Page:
# Thread: the general solution to a first order ODE

1. ## the general solution to a first order ODE

I have a ODE shown as below：
m(dx/dt)=ax-b(dx/dt)+c(integrate (dx/dr)/((t-r)^(1/2)) (0,t))

in which m, a, b and c are constants, and the part
integrate (dx/dr)/((t-r)^(1/2)) (0,t) means the integration of the expression

(dx/dr)/((t-r)^(1/2)) with respect to r, from 0 to t.
The rest parts of the equation is OK to handle; it is just this integration.

Thanks~

2. Hi. Never seen one like that before. Looks like it's:

$\displaystyle k\frac{dx}{dt}=ax+c\int_0^t \left(\frac{d}{dr}x(r)\right) \frac{1}{\sqrt{t-r}}dr$

First thing I notice is the integral is in the form of a convolution:

$\displaystyle \mathcal{L}\left\{\int_0^t F(r)G(t-r)dr\right\}=f(s)g(s)$

where f(s) and g(s) are the Laplace Transforms of F(r) and G(r). So I do that in desperation cus' I don't know what else to do and I end up with the expression:

$\displaystyle \mathcal{L}^{-1}\left\{\frac{kx_0-c x_0 \sqrt{\pi/s}}{ks-a-c\sqrt{\pi s}}\right\}$

which Mathematica can't invert so then I consider:

$\displaystyle \mathcal{L}^{-1}\left\{\frac{kx_0-c x_0 \sqrt{\pi/s}}{ks-a-c\sqrt{\pi s}}\right\}=\frac{1}{2\pi i}\mathop\int\limits_{c-i\infty}^{c+i\infty} \frac{kx_0-c x_0 \sqrt{\pi/s}}{ks-a-c\sqrt{\pi s}}e^{st}ds$

or just for now, collapse it down to:

$\displaystyle \mathop\int\limits_{c-i\infty}^{c+i\infty} \frac{1- \sqrt{\pi/s}}{s-1-\sqrt{\pi s}}e^{st}ds$

That's an interesting contour integral to evaluate (if it converges), probably with a slit along the real axis from $\displaystyle (-\infty,0]$ with an indentation around the origin.

There was a thread here of late about "exploring mathematics". Yeah, this is where I'd be heading.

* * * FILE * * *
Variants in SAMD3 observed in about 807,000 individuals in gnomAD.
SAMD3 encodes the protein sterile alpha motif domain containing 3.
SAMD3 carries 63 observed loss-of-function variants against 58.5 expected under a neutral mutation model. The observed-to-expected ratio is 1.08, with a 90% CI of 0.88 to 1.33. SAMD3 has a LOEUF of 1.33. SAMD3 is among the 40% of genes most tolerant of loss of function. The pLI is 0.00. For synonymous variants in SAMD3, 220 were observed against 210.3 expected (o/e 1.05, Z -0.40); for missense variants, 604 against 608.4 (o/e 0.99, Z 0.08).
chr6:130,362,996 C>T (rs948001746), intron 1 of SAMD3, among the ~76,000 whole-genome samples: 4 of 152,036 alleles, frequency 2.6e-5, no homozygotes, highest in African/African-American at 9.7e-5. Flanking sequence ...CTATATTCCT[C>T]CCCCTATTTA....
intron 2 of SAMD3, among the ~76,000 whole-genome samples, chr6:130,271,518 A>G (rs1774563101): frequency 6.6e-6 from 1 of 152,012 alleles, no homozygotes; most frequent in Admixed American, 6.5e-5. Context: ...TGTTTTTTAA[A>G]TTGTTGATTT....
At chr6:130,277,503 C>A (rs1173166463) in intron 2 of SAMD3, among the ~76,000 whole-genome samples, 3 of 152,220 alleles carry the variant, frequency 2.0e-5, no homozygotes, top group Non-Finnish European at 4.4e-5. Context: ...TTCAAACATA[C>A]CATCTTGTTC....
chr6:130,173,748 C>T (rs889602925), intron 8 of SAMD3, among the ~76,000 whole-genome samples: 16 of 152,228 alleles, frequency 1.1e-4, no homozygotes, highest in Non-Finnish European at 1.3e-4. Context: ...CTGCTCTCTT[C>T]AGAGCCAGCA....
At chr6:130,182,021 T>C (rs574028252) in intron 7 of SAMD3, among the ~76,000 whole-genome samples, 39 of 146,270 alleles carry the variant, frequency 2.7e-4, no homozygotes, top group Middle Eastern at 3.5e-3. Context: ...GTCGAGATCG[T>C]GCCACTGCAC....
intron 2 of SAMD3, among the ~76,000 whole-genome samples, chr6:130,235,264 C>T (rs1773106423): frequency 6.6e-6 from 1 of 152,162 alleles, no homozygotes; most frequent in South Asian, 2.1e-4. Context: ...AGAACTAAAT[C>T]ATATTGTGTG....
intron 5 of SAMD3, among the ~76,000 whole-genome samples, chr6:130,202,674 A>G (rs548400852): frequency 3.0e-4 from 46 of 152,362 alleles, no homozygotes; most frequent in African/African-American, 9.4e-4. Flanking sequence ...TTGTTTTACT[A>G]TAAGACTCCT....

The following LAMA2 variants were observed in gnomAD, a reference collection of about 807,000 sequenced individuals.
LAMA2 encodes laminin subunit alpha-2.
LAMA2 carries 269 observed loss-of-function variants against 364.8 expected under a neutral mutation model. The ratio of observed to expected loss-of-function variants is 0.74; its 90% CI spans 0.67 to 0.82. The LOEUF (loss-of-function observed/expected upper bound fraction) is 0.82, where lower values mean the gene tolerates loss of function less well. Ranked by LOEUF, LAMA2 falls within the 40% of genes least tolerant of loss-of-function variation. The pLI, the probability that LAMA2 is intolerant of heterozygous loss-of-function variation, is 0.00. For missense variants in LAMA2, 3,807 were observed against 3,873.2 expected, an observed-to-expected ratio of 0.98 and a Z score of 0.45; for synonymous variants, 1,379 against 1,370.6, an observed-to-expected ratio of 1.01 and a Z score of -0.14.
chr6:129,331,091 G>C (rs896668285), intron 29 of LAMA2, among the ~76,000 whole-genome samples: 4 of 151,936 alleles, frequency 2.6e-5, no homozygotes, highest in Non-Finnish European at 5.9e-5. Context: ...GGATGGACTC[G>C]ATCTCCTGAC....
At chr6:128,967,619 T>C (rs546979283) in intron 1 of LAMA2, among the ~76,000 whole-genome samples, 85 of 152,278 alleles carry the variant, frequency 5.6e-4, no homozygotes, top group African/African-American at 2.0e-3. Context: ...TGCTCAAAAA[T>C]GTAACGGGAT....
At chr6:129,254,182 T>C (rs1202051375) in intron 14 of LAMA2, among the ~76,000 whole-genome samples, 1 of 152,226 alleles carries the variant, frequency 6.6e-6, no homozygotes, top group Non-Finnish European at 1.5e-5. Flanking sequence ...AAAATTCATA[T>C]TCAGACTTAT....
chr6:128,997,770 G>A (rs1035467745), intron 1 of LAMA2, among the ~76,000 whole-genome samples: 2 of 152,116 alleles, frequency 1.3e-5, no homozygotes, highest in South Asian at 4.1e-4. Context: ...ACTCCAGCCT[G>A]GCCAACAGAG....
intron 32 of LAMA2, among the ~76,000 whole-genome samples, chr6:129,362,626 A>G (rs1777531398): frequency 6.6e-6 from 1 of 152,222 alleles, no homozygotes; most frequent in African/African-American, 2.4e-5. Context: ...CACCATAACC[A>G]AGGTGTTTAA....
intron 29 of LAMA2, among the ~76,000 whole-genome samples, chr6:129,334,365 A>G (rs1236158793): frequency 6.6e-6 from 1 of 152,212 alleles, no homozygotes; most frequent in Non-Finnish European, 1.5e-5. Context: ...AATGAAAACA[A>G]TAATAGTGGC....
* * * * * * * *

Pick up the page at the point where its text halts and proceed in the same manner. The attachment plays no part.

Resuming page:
Maybe though there is an easier way.

3. I've made some progress which gives me some encouragement the inverse transform is convergent. The code below numerically integrates the Bromwich integral with all parameters equal to one including the initial condition x(0)=1 and since the imaginary component is odd and the real even (by just plotting them), I just multiply the real part by 2 (but the 2i cancel) and integrate from s=6+0i to s=6+500i (since the pole in the denominator is at about 4.9) for t in the range of (0,1). I then fit the data to a 10-degree polynomial and then back-substitute that polynomial into the IDE and then compare plots of the left and right side of the equation by superimposing them. The plot below shows at least in this range, good agreement.

Code:
u[s_] := (1 - Sqrt[Pi/s])/(s - 1 - Sqrt[Pi*s]);
myTable = Table[{tval, (1/Pi)*Re[NIntegrate[u[s]*Exp[s*t] /.
{t -> tval, s -> 6 + I*y}, {y, 0, 500}]]}, {tval, 0.01, 1, 0.05}];
g[t_] = Sum[Subscript[a, n]*t^n, {n, 0, 10}]
theCoeff = Table[Subscript[a, n], {n, 0, 10}]
mycoef = FindFit[myTable, g[t], theCoeff, t]
mysol[t_] := g[t] /. mycoef;
leftside = D[mysol[t], t]
rightside = mysol[t] + Integrate[D[mysol[r], r]*(1/Sqrt[t - r]), {r, 0, t},
Assumptions -> t > 0]
left = Plot[leftside, {t, 0, 1}, PlotStyle -> Blue]
right = Plot[rightside, {t, 0, 1}, PlotStyle -> Red]
Show[{left, right}]

4. So I use the contour below and we're looking for the purple path so that for the IVP:

$\displaystyle k\frac{dx}{dt}=a x+c\int_0^t \left(\frac{d}{dr}x(r)\right) \frac{1}{\sqrt{t-r}}dr,\quad x(0)=x_0,\quad t\geq 0$

arrive at the general solution:

$\displaystyle x(t)=\sum_{n=1}^N\mathop\text{Res}\limits_{s=s_n}\ left(\frac{x_0(k-c\sqrt{\pi/s}}{k s-a-c\sqrt{\pi s}}e^{st}\right)+\frac{a c x_0}{\sqrt{\pi}}\int_0^{\infty}\frac{1}{\sqrt{r}\l eft[a^2+2 ak r+r(c^2\pi+k^2r)\right]}e^{-rt}dr$

where the sum is over the number of poles (0,1, or 2) that lie in the contour. I haven't rigorously checked it but it does give good numerical agreement when test cases are back-substituted into the IDE.